A Salvadoran judge, in what he called "a major step" toward the possible conviction of five Salvadoran National Guardsmen accused of murdering three American nuns and a lay worker in 1980, made an official determination today that the imprisoned guardsmen "participated in the crime" of aggravated homicide.
Under the Salvadoran legal system, the ruling signed today puts virtually the entire burden of proof on the defendants to establish their innocence through a process of appeals and finally an open hearing before five jurors, according to the judge, Bernardo Rauda Murcia. His court is in Zacatecoluca, about 45 miles southeast of the capital near the fields where the nuns were raped, murdered and buried in a shallow grave on the night of Dec. 2, 1980.
Rauda Murcia's ruling comes just a day after a charge by families of the victims that the price of convicting the five guardsmen may be a "coverup" of any involvement by officers or government officials superior to the corporal accused of leading his four subordinates into the crime.
"We have been told that an anticipated defense of the five guardsmen will be that they were only acting under orders of their superiors," said a letter reportedly sent to the State Department by the New York-based Lawyers Committee for International Human Rights, which represents the families.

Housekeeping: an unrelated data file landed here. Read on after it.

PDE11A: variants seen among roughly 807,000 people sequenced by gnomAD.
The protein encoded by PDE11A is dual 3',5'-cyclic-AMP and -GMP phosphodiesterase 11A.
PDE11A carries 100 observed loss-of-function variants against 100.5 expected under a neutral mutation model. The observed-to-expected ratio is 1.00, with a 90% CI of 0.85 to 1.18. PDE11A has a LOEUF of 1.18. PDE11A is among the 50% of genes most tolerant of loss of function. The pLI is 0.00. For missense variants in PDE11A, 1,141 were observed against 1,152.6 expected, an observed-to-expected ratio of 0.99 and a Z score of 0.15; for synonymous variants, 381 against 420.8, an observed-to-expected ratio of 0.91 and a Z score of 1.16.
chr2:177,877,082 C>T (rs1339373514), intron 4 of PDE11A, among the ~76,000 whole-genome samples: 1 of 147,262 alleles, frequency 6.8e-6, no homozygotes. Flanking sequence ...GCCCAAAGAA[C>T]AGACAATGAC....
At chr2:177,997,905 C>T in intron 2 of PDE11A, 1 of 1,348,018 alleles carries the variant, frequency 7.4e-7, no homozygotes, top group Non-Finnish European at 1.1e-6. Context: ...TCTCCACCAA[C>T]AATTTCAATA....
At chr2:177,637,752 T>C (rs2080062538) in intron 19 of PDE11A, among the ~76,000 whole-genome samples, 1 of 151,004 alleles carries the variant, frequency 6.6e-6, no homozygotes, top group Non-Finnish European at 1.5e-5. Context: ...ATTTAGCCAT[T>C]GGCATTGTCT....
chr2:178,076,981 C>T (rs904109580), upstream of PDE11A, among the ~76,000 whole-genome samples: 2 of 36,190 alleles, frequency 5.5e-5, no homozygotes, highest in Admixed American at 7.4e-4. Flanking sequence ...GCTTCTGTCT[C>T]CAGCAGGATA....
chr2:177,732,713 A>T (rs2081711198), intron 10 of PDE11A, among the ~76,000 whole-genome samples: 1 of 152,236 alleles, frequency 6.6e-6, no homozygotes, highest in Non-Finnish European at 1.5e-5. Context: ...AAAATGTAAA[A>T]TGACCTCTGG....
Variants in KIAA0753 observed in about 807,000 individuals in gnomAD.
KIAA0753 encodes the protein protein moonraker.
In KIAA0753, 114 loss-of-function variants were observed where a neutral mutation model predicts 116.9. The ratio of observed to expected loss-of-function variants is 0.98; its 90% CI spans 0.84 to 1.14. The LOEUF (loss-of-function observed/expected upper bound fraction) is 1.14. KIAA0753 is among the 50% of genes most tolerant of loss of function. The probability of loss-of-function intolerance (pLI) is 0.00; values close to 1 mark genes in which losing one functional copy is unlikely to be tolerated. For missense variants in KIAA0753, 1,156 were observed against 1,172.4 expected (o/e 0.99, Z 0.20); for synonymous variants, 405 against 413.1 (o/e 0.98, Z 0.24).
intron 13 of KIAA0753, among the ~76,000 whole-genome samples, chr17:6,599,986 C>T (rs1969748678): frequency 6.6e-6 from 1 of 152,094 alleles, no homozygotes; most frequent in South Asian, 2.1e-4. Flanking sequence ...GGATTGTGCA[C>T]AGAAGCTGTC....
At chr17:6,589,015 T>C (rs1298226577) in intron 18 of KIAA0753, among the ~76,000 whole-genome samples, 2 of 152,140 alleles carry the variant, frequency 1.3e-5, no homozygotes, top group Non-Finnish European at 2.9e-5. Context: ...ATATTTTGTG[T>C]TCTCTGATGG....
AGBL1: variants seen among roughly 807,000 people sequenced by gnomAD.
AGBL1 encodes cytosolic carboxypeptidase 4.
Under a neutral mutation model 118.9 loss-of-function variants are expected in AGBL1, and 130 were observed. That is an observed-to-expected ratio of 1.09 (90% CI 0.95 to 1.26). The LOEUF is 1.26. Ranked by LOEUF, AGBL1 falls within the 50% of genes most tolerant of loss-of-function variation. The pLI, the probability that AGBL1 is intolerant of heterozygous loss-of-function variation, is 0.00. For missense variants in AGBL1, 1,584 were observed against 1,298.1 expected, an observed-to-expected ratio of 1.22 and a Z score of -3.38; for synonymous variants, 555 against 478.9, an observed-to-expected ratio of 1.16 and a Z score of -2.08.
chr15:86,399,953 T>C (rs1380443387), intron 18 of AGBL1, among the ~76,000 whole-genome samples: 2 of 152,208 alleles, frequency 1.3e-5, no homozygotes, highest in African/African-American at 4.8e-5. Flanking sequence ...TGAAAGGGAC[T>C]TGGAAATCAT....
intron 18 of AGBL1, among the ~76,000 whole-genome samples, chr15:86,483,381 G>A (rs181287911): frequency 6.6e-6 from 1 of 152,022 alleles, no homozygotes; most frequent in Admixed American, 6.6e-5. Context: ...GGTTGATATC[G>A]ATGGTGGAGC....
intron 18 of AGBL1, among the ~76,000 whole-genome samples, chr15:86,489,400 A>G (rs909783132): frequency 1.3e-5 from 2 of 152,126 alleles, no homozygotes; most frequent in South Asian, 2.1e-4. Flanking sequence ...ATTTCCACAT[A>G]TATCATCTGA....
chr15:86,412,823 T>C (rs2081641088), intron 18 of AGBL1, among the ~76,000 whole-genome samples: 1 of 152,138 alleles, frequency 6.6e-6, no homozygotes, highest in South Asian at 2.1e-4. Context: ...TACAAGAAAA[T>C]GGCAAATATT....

"Lawyers have warned us that the only way to guarantee a conviction of the five guardsmen is to refute their claim that others were involved," the letter continued. "We reject this specious reasoning. The families insist on a thorough investigation of the case no matter where it leads."
In response to questioning, Rauda Murcia said there was no evidence in his files that established orders from superior officers.
U.S. officials have said privately since the suspects were arraigned in February that they had no case for establishing the involvement of superior officers and have conceded that there is little chance the case would or could be pursued further.
Murcia said that he would not expect the open hearing, at which the defendants would appear and oral arguments by the prosecution and defense would be heard, to take place before January.
The next deadline for the Reagan administration's certification of human rights improvements and progress on this and other cases of murdered Americans in El Salvador is Jan. 28.
After prime suspects in the killing of two U.S. labor experts in early 1981 turned out to be friends of assembly leader Roberto D'Aubuisson and were released by another judge last month, U.S. Ambassador Deane Hinton made a vehement speech before this country's businessmen in which he decried "the absence of an effective system of criminal justice."
Hinton warned that U.S. aid to El Salvador could be cut off if what he called the "gorillas" and "Mafia" involved with human rights abuses are not stopped.
Rauda Murcia, wearing corduroy jeans and desert boots as he sat in his rundown chambers on a Zacatecoluca side street, said in an interview with three reporters this morning that the key evidence in the case against those accused of killing the churchwomen is the testimony of Salvador Rivera Franco, another guardsman.
Rivera Franco said he stayed behind with a car while the other members of his squad, all dressed in civilian clothes, took away Roman Catholic Sisters Ita Ford, Maura Clarke and Dorothy Kazel and lay worker Jean Donovan. The women's bodies were found the following day.